“When I Was Younger” by Melissa Chucaralao
When I was younger, I never had to think about a world that would judge me based off my race. I was never raised to think that someday my skin could be the very thing that would urge someone to want to hurt me.
When I was younger, I never had to think about feeling unwanted because my skin wasn’t fair or being told I was a bad kid because I just “looked like one.”
When I was younger, I never thought that the sole reason for me being bullied was because of my association with my friend, Simone. She was the sweetest girl I ever met.
When I was younger, I remember sitting in the back of class when I overheard a classmate yell out to another “you f*%*ing black b*%#$” before a fight broke out. I laughed with excitement and never questioned it.
When I was younger, I didn’t always go to the salon.
My curls were ruthless, yet powerful, unapologetic, and voluptuous.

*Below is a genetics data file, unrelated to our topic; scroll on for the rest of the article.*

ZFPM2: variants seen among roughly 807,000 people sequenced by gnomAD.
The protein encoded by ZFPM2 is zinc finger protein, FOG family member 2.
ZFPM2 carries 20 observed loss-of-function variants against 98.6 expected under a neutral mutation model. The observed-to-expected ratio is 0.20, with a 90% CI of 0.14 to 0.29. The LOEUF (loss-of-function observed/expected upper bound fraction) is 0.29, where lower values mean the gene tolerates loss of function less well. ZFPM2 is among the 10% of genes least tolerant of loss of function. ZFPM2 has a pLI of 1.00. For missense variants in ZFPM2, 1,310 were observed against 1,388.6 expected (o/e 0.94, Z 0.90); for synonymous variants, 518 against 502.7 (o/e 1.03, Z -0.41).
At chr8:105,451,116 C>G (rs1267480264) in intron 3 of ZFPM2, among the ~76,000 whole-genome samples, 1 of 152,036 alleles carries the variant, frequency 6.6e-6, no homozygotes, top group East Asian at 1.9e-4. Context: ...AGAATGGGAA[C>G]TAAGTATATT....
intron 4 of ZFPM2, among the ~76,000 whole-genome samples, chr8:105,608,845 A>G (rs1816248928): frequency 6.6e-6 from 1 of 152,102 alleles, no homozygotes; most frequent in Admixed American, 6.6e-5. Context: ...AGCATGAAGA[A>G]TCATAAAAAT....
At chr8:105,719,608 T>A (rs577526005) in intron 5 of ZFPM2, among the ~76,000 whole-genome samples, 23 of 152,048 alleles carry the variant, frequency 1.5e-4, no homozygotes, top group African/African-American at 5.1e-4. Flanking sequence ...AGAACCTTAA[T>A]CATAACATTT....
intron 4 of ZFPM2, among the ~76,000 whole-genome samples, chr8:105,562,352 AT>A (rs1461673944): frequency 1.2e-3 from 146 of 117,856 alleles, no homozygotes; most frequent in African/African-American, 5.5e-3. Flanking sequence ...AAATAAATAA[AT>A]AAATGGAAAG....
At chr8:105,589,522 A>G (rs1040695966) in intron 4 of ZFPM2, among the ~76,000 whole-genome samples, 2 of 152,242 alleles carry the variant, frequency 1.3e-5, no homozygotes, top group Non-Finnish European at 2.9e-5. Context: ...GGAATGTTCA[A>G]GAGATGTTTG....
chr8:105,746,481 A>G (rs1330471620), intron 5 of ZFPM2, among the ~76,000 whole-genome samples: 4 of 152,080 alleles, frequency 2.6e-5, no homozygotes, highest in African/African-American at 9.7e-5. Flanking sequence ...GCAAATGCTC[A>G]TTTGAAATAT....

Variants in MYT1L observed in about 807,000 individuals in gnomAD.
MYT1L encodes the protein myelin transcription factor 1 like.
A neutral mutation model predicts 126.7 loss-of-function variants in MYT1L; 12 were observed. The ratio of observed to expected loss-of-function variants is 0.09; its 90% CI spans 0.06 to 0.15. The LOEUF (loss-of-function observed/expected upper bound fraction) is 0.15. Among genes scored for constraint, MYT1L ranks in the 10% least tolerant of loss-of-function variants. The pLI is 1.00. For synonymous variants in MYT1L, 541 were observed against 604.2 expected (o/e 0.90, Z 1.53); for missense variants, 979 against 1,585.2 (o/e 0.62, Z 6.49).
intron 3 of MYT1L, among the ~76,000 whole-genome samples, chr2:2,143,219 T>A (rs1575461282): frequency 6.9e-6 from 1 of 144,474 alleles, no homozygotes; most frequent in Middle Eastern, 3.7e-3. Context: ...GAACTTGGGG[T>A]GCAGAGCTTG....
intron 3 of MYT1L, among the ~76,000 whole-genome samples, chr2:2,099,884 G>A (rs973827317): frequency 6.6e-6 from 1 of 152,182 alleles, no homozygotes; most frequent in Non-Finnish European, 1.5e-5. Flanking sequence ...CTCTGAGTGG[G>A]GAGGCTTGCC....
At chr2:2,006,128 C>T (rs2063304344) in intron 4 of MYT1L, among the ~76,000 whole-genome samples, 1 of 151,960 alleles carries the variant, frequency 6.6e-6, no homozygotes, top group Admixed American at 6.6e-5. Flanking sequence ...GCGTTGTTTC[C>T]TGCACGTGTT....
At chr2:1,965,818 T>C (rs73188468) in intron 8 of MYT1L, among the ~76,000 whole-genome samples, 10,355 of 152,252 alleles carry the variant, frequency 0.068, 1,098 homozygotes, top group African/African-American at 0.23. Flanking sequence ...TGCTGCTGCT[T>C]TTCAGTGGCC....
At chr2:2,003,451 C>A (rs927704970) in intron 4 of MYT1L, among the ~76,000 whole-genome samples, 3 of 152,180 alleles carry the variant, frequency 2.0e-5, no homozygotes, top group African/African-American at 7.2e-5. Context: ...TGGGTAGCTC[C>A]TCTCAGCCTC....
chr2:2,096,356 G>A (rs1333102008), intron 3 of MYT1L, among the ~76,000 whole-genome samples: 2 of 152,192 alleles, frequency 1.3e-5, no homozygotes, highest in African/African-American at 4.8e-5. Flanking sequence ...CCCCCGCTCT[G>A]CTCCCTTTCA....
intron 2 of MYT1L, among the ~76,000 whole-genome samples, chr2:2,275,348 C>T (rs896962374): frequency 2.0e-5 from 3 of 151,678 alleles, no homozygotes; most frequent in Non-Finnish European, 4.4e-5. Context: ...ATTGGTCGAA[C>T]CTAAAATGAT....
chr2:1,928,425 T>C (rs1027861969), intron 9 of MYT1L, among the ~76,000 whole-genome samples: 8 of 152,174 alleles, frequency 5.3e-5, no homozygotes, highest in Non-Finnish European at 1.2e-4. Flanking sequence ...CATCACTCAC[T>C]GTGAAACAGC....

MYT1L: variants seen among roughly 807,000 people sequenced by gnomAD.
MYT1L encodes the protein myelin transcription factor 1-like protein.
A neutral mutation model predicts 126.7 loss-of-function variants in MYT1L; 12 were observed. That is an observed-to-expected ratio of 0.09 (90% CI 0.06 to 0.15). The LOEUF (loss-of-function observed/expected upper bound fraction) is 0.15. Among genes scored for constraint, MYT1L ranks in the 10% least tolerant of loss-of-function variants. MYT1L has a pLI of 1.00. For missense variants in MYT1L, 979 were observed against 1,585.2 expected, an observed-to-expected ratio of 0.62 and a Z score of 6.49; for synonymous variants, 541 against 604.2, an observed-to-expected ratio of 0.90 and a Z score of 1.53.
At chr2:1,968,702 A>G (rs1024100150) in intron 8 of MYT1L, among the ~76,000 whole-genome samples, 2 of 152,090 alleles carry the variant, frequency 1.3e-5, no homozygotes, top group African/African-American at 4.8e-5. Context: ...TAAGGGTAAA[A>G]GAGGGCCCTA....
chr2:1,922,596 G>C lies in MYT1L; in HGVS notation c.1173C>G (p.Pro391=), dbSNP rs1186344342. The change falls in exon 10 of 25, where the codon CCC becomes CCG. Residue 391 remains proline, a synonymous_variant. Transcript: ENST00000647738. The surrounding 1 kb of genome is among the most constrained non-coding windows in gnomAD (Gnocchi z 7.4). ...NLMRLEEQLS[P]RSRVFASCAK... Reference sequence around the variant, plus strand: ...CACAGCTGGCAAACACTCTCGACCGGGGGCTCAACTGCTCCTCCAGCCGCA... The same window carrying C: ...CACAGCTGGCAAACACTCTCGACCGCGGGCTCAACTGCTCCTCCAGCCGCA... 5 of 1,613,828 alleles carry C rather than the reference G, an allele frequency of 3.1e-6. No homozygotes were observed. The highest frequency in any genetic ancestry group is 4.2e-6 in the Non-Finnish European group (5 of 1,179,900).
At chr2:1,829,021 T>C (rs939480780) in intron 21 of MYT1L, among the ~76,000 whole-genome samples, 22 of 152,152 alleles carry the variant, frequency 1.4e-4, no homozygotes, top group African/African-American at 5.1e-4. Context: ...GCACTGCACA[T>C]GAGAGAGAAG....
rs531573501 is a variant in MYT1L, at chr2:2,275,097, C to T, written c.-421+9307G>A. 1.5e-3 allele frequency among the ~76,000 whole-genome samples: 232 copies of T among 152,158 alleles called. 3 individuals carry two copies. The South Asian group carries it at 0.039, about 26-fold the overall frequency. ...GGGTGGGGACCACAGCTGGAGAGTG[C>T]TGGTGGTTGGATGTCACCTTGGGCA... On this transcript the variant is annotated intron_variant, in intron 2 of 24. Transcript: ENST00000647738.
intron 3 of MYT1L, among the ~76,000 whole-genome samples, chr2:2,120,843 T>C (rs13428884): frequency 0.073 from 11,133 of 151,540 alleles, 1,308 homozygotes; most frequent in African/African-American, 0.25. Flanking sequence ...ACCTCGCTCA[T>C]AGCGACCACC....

When I was younger, I was told that it was “bad and nappy hair.”
When I was younger, I would spend painful hours having my hair detangled; brushing down the very root of who I truly am before having it straightened because it was “controlled” and “civilized.”
When I was younger, I didn’t understand that I was being taught hate brought down from every stage of life.
Hate that I never had in my heart.
Hate that was forced on me.
Hate for those darker than me or who looked like me.
When I was younger, I didn’t know any better.
Melissa Chucaralao works at Local 802 as a payroll auditor.